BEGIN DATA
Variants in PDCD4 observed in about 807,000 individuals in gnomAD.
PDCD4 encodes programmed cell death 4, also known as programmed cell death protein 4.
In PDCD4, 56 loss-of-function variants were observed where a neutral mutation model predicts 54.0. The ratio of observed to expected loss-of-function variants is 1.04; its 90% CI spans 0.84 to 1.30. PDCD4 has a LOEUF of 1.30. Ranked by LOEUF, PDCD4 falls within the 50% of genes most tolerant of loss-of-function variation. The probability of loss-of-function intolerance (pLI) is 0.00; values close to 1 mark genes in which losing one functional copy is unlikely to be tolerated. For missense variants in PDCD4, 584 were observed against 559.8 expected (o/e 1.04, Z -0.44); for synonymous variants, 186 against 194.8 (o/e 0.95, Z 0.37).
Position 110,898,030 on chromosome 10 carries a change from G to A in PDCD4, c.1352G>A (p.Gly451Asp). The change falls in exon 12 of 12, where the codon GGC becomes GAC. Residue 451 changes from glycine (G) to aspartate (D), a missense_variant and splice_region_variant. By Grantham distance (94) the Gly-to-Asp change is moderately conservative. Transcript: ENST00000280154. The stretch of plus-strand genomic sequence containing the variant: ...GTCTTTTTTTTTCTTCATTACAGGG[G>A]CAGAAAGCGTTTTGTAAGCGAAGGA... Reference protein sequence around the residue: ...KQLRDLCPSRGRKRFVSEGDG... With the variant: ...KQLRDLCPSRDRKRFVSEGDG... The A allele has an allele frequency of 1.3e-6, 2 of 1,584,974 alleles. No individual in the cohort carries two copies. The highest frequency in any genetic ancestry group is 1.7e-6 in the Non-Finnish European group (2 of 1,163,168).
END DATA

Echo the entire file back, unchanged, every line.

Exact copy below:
Variants in PDCD4 observed in about 807,000 individuals in gnomAD.
PDCD4 encodes programmed cell death 4, also known as programmed cell death protein 4.
In PDCD4, 56 loss-of-function variants were observed where a neutral mutation model predicts 54.0. The ratio of observed to expected loss-of-function variants is 1.04; its 90% CI spans 0.84 to 1.30. PDCD4 has a LOEUF of 1.30. Ranked by LOEUF, PDCD4 falls within the 50% of genes most tolerant of loss-of-function variation. The probability of loss-of-function intolerance (pLI) is 0.00; values close to 1 mark genes in which losing one functional copy is unlikely to be tolerated. For missense variants in PDCD4, 584 were observed against 559.8 expected (o/e 1.04, Z -0.44); for synonymous variants, 186 against 194.8 (o/e 0.95, Z 0.37).
Position 110,898,030 on chromosome 10 carries a change from G to A in PDCD4, c.1352G>A (p.Gly451Asp). The change falls in exon 12 of 12, where the codon GGC becomes GAC. Residue 451 changes from glycine (G) to aspartate (D), a missense_variant and splice_region_variant. By Grantham distance (94) the Gly-to-Asp change is moderately conservative. Transcript: ENST00000280154. The stretch of plus-strand genomic sequence containing the variant: ...GTCTTTTTTTTTCTTCATTACAGGG[G>A]CAGAAAGCGTTTTGTAAGCGAAGGA... Reference protein sequence around the residue: ...KQLRDLCPSRGRKRFVSEGDG... With the variant: ...KQLRDLCPSRDRKRFVSEGDG... The A allele has an allele frequency of 1.3e-6, 2 of 1,584,974 alleles. No individual in the cohort carries two copies. The highest frequency in any genetic ancestry group is 1.7e-6 in the Non-Finnish European group (2 of 1,163,168).